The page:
HKBA: Justification to amend extradition law misleading

April 03, 2019 15:29
There is no "loophole" that would prevent Hong Kong from entering into any case-based arrangements with other jurisdictions, except the rest of China, the Hong Kong Bar Association said. Photo: HKEJ

The Hong Kong Bar Association (HKBA) said it is misleading for the government to justify its plan to amend the extradition law by claiming the move is aimed at plugging a loophole because there is none.

The Security Bureau was set to table the proposed amendments to the Fugitive Offenders Ordinance (FOO) and the Mutual Legal Assistance in Criminal Matters Ordinance for first reading at the Legislative Council on Wednesday amid fears that the legislation could be used by central authorities against political dissidents.

The lawyers' group said in a statement on Tuesday that under the current FOO regime, “one-off case-based surrender arrangements are potentially available to all jurisdictions with which Hong Kong has no long-term arrangements” except the rest of the People’s Republic of China, the Hong Kong Economic Journal reports.

“There is no ‘loophole’ that would prevent Hong Kong from entering into any case-based arrangements with those jurisdictions, except the rest of [China],” it said.

The association noted that this restriction against any surrender arrangements with the rest of China, “whether under a long-term formal arrangement or case-based arrangements”, is not a “loophole” because it was “a deliberate decision by the legislature when enacting the FOO in 1997 not to provide for the application of the FOO to rendition arrangements with the rest of the PRC, particularly in light of the fundamentally different criminal justice system operating in the Mainland and concerns over the Mainland’s track record on the protection of fundamental rights.”

The HKBA accused Chief Executive Carrie Lam Cheng Yuet-ngor, Secretary for Security John Lee Ka-chiu and Secretary for Justice Teresa Cheng Yeuk-wah of misleading the public by repeatedly stating that failure to hand over a Hong Kong youth who is being sought by Taiwan prosecutors in connection with a murder on the island about a year ago exposed a loophole in the city's law regarding the surrender of fugitives.

The association pointed out that the government has so far failed to explain why it thinks that circumstances have changed since 1997, in terms of both the human rights record and the criminal justice system in the mainland, to justify a departure from the Legislative Council’s decision to exclude the rest of China from any surrender arrangements.

The HKBA stressed that if the government considers that circumstances in the rest of China have changed such that the “time has come for arrangements to be made to render fugitives”, the proper course is to start negotiations for long-term general arrangements between the two sides and for such arrangements to be considered by the Legco and the public.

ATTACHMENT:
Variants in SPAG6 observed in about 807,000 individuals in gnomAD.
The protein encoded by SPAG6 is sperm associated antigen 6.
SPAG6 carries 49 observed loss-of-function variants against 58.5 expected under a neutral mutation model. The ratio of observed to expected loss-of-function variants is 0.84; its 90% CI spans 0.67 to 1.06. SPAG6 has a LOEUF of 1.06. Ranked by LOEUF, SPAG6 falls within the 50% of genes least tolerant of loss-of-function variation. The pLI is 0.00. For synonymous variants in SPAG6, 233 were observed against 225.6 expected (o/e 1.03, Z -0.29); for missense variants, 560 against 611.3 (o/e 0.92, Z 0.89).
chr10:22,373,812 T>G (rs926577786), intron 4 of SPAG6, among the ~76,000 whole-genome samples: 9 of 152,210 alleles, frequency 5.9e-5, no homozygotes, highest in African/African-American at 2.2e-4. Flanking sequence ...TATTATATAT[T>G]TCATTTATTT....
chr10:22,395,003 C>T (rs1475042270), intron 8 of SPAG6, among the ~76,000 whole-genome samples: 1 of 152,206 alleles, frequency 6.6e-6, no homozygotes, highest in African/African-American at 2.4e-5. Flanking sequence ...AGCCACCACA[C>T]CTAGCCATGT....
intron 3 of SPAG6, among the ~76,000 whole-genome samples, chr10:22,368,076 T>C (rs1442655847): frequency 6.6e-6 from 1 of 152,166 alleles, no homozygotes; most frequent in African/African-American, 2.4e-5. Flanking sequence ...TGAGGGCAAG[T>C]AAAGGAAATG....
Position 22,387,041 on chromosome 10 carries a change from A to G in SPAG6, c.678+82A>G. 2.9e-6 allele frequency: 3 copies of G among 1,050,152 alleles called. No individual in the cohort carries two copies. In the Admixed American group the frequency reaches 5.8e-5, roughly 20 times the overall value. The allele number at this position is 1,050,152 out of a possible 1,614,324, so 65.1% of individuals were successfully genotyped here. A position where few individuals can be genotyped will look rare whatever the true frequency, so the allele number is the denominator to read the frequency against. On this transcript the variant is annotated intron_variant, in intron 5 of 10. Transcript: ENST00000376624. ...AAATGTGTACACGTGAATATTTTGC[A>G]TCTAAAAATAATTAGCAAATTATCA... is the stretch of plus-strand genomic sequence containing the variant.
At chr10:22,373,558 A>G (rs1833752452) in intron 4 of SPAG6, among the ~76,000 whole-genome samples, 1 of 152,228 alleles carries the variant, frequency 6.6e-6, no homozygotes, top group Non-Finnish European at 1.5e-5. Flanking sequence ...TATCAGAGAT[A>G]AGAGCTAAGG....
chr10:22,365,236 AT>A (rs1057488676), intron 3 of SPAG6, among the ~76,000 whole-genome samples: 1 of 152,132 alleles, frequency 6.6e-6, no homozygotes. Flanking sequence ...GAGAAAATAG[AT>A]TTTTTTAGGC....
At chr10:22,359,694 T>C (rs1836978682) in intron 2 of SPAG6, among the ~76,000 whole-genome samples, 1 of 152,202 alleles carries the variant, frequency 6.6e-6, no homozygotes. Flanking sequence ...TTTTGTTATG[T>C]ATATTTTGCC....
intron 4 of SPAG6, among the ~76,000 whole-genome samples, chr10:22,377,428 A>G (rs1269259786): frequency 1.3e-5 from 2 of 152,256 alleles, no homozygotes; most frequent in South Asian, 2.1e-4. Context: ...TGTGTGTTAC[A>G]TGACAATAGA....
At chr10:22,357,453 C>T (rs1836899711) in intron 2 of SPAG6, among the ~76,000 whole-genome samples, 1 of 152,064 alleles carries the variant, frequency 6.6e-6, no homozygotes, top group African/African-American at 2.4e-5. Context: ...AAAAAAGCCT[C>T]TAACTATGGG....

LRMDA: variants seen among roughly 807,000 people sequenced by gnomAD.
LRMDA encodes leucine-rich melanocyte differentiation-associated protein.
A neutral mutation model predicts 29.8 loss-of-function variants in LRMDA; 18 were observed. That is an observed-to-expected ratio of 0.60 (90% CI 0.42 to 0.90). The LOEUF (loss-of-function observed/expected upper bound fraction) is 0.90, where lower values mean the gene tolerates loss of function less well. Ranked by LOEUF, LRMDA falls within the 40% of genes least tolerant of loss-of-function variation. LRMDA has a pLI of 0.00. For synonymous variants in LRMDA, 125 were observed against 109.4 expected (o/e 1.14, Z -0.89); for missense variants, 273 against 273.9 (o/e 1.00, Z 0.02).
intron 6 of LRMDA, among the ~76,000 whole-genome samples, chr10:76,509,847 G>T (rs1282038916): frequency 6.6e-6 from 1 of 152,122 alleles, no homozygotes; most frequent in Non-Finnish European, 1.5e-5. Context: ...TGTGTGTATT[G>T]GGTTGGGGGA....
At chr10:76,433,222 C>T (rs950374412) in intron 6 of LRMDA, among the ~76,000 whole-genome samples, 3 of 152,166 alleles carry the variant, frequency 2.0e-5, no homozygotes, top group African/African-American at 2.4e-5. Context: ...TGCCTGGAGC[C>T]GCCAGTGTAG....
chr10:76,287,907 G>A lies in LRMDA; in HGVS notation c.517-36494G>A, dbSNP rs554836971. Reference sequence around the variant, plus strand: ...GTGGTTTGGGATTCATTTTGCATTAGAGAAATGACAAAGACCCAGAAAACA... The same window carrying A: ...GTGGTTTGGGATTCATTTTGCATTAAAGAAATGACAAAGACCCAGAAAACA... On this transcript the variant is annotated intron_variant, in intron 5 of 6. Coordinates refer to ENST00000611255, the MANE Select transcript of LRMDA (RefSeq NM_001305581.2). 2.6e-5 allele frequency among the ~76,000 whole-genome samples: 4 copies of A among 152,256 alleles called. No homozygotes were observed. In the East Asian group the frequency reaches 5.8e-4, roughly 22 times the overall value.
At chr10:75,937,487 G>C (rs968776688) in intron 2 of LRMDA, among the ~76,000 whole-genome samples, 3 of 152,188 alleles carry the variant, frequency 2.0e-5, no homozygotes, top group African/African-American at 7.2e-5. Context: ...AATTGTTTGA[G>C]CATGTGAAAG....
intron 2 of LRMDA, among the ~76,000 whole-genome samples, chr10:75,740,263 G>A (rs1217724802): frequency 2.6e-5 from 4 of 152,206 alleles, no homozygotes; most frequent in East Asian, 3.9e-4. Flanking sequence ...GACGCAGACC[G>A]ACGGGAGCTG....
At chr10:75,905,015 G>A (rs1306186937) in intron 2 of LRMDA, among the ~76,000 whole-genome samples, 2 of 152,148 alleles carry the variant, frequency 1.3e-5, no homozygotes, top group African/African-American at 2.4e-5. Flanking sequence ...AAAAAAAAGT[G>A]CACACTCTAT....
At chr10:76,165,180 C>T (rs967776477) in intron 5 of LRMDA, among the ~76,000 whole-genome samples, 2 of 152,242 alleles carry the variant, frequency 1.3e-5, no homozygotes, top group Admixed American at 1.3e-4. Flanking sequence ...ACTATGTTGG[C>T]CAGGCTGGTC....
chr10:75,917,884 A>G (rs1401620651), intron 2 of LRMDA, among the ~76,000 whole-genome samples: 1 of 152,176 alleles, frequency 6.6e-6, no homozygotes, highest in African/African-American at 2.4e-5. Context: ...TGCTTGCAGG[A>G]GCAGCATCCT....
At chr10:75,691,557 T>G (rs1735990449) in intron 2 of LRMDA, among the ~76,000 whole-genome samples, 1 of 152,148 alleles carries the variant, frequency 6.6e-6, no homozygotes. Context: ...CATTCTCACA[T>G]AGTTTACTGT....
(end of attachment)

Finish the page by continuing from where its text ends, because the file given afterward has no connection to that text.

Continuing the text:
But the association is worried that there will no longer be any incentive for such long-term arrangements once the amendments are enacted.

In the statement, the HKBA also opposed the plan to allow the chief executive to be the only person who can initiate case-based “special arrangements” without the need to “go through any negative vetting process” before the Legco.

Without Legco’s negative vetting, there is no way to hold the administration accountable and to make sure that “adequate safeguards are in place” before the extradition process begins, the association said.

As for the government’s announcement on March 26 that nine of the 46 categories of offenses already set out in the FOO, which are mainly related to commercial matters, would not be covered in the amendments, the HKBA said: “The protection that appears to be given is likely to be illusory.”

Furthermore, the HKSAR government has repeatedly asserted that one of the purposes of proposing these amendments is to deal with the murder case in Taiwan, but the HKBA also noted that the Taiwan government has made it clear that no extradition deal with Hong Kong would be signed if it would have implications for the one-China principle.

Since the government cannot assure that the proposed amendments will give a favorable resolution, the association said there is no reason for the government to “rush into these controversial and worrying proposals which undermine the international reputation of Hong Kong”.

Responding to the HKBA's statement, Lee said: “[It] is a fact that I cannot deal with, first of all, at present, the Taiwan murder case because there is no law. The second factor is the surrender on a case basis is full of matters that make it not practicable. So to me, it is a loophole that I must plug.”

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